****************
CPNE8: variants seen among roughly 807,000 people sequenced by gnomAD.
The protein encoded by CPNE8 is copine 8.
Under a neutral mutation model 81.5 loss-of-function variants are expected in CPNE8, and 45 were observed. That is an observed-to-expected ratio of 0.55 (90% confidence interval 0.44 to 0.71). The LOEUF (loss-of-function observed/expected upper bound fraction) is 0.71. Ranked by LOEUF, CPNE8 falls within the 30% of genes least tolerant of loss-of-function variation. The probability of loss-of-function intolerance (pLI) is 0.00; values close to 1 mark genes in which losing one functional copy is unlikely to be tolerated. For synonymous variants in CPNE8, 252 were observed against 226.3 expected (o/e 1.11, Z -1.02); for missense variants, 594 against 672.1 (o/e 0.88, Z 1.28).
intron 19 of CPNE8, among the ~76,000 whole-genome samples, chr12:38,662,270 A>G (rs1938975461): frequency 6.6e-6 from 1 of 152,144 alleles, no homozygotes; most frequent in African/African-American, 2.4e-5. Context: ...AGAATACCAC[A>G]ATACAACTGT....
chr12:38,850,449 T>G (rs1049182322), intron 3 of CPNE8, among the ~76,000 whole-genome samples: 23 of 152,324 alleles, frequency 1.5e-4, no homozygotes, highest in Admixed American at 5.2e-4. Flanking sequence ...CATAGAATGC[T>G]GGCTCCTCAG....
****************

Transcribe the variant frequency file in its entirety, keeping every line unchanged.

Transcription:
CPNE8: variants seen among roughly 807,000 people sequenced by gnomAD.
The protein encoded by CPNE8 is copine 8.
Under a neutral mutation model 81.5 loss-of-function variants are expected in CPNE8, and 45 were observed. That is an observed-to-expected ratio of 0.55 (90% confidence interval 0.44 to 0.71). The LOEUF (loss-of-function observed/expected upper bound fraction) is 0.71. Ranked by LOEUF, CPNE8 falls within the 30% of genes least tolerant of loss-of-function variation. The probability of loss-of-function intolerance (pLI) is 0.00; values close to 1 mark genes in which losing one functional copy is unlikely to be tolerated. For synonymous variants in CPNE8, 252 were observed against 226.3 expected (o/e 1.11, Z -1.02); for missense variants, 594 against 672.1 (o/e 0.88, Z 1.28).
intron 19 of CPNE8, among the ~76,000 whole-genome samples, chr12:38,662,270 A>G (rs1938975461): frequency 6.6e-6 from 1 of 152,144 alleles, no homozygotes; most frequent in African/African-American, 2.4e-5. Context: ...AGAATACCAC[A>G]ATACAACTGT....
chr12:38,850,449 T>G (rs1049182322), intron 3 of CPNE8, among the ~76,000 whole-genome samples: 23 of 152,324 alleles, frequency 1.5e-4, no homozygotes, highest in Admixed American at 5.2e-4. Flanking sequence ...CATAGAATGC[T>G]GGCTCCTCAG....